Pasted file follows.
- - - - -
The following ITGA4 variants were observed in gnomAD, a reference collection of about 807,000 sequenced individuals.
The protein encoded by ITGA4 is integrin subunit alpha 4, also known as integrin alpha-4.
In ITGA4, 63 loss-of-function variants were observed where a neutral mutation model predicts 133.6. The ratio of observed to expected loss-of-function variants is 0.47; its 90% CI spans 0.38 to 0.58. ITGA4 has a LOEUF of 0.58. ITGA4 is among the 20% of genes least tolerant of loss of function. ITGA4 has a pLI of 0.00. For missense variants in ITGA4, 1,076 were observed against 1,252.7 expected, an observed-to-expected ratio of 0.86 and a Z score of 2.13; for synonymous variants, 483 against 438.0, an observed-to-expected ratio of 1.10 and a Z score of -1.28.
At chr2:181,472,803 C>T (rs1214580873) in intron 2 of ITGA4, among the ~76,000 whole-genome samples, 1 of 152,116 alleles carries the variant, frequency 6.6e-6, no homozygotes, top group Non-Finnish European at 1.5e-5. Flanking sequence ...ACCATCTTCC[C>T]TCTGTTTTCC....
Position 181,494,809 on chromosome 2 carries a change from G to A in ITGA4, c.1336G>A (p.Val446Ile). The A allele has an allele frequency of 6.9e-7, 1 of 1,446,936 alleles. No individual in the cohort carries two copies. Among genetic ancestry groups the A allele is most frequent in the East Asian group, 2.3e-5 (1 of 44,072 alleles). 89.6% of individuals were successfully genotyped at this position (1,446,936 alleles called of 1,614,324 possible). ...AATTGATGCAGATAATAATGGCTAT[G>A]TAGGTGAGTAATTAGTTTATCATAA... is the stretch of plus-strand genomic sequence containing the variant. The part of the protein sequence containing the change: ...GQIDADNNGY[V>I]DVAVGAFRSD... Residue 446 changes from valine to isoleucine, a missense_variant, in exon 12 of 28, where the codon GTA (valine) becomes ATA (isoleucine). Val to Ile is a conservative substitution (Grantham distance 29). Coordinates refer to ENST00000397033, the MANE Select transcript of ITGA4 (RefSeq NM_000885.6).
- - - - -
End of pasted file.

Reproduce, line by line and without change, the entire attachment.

The following ITGA4 variants were observed in gnomAD, a reference collection of about 807,000 sequenced individuals.
The protein encoded by ITGA4 is integrin subunit alpha 4, also known as integrin alpha-4.
In ITGA4, 63 loss-of-function variants were observed where a neutral mutation model predicts 133.6. The ratio of observed to expected loss-of-function variants is 0.47; its 90% CI spans 0.38 to 0.58. ITGA4 has a LOEUF of 0.58. ITGA4 is among the 20% of genes least tolerant of loss of function. ITGA4 has a pLI of 0.00. For missense variants in ITGA4, 1,076 were observed against 1,252.7 expected, an observed-to-expected ratio of 0.86 and a Z score of 2.13; for synonymous variants, 483 against 438.0, an observed-to-expected ratio of 1.10 and a Z score of -1.28.
At chr2:181,472,803 C>T (rs1214580873) in intron 2 of ITGA4, among the ~76,000 whole-genome samples, 1 of 152,116 alleles carries the variant, frequency 6.6e-6, no homozygotes, top group Non-Finnish European at 1.5e-5. Flanking sequence ...ACCATCTTCC[C>T]TCTGTTTTCC....
Position 181,494,809 on chromosome 2 carries a change from G to A in ITGA4, c.1336G>A (p.Val446Ile). The A allele has an allele frequency of 6.9e-7, 1 of 1,446,936 alleles. No individual in the cohort carries two copies. Among genetic ancestry groups the A allele is most frequent in the East Asian group, 2.3e-5 (1 of 44,072 alleles). 89.6% of individuals were successfully genotyped at this position (1,446,936 alleles called of 1,614,324 possible). ...AATTGATGCAGATAATAATGGCTAT[G>A]TAGGTGAGTAATTAGTTTATCATAA... is the stretch of plus-strand genomic sequence containing the variant. The part of the protein sequence containing the change: ...GQIDADNNGY[V>I]DVAVGAFRSD... Residue 446 changes from valine to isoleucine, a missense_variant, in exon 12 of 28, where the codon GTA (valine) becomes ATA (isoleucine). Val to Ile is a conservative substitution (Grantham distance 29). Coordinates refer to ENST00000397033, the MANE Select transcript of ITGA4 (RefSeq NM_000885.6).